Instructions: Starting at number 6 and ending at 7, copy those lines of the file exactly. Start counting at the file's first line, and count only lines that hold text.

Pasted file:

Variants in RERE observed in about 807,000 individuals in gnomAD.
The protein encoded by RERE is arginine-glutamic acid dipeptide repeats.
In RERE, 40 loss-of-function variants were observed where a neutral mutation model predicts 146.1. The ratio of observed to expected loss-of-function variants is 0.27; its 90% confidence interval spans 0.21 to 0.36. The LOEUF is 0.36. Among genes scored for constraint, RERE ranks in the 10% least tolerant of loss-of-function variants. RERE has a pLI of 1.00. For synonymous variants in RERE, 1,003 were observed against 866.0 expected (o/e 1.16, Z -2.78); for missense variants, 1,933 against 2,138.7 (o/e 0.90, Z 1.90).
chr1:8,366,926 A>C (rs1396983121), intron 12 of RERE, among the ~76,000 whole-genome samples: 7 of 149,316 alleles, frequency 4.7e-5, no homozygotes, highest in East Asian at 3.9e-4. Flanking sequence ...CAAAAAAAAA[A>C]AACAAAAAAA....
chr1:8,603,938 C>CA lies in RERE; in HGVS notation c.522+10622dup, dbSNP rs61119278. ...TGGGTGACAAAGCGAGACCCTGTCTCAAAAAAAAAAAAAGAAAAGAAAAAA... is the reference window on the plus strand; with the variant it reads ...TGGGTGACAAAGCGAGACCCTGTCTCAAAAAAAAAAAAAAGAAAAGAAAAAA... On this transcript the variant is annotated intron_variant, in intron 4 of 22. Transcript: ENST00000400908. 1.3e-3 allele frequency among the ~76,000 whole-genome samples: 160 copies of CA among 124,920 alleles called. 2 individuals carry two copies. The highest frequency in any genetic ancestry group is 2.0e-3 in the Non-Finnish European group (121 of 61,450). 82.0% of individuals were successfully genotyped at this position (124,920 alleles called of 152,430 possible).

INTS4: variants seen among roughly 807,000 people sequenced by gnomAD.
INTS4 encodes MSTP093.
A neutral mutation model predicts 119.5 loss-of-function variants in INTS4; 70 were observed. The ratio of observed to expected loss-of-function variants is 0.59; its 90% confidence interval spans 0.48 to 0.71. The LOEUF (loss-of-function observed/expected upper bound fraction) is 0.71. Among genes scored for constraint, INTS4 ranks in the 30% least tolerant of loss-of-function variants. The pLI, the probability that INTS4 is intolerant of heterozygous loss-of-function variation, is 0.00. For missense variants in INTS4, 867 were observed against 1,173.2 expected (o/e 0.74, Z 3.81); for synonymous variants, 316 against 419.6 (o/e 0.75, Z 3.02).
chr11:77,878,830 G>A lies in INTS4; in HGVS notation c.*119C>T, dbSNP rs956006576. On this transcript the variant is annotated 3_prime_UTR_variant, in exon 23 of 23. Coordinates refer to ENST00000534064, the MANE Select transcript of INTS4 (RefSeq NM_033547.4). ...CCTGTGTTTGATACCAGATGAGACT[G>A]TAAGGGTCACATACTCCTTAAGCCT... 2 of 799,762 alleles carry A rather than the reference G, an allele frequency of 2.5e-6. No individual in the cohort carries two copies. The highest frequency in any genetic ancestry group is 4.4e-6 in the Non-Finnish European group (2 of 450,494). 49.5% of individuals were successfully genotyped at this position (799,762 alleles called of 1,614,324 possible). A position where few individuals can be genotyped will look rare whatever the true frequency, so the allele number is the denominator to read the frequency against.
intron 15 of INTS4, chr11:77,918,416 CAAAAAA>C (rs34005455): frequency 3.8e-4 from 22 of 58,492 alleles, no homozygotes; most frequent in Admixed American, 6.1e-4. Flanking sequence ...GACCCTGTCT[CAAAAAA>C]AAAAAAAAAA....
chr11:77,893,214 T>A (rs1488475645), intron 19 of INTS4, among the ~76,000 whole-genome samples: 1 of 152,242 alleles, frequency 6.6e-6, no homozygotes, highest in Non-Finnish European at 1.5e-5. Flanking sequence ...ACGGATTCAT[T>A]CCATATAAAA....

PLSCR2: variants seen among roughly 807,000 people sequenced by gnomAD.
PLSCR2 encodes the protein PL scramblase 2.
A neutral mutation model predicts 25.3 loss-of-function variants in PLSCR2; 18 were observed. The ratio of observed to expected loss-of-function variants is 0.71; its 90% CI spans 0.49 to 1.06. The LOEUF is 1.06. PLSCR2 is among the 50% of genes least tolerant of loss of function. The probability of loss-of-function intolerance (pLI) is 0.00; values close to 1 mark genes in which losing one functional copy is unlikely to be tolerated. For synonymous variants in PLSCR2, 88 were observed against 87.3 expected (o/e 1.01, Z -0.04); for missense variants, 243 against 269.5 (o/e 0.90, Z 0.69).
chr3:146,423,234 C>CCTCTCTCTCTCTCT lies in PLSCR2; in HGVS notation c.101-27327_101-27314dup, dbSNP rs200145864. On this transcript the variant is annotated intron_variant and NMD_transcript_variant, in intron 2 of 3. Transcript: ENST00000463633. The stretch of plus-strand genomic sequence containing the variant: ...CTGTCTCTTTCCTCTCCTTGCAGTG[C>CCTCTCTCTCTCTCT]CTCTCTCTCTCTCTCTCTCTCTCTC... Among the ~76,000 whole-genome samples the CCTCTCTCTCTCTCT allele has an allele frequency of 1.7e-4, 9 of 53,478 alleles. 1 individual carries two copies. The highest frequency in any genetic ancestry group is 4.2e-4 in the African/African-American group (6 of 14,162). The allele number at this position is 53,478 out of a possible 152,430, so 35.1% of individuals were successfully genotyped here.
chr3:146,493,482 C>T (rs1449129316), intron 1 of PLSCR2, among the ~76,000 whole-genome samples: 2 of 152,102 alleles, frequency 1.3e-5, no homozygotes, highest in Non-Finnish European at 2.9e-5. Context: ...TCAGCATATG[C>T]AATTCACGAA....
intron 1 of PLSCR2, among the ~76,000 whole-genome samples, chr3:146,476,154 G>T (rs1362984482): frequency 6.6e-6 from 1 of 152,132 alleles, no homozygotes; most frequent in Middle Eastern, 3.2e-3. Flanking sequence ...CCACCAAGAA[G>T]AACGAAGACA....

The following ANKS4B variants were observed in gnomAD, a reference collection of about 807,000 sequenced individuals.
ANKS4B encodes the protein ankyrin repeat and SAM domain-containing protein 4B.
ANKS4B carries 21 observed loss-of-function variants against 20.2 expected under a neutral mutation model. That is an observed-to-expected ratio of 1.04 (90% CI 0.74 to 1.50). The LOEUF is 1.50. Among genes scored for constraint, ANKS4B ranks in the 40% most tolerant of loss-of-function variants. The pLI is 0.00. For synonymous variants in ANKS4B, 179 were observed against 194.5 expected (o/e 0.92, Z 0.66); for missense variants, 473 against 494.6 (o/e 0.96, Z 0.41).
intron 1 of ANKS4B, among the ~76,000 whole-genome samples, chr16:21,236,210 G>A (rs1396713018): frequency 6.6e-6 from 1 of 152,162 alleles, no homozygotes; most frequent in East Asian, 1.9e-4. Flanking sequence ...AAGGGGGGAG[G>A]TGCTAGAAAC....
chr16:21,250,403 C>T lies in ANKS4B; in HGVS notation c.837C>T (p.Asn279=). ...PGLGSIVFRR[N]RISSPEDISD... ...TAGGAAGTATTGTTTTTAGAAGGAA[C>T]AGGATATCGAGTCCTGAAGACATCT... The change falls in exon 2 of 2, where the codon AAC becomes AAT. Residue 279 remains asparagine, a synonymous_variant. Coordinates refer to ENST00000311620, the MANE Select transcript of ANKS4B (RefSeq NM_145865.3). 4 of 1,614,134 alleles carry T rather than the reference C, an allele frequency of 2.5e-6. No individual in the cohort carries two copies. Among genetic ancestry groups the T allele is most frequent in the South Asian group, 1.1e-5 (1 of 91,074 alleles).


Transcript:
INTS4: variants seen among roughly 807,000 people sequenced by gnomAD.
INTS4 encodes MSTP093.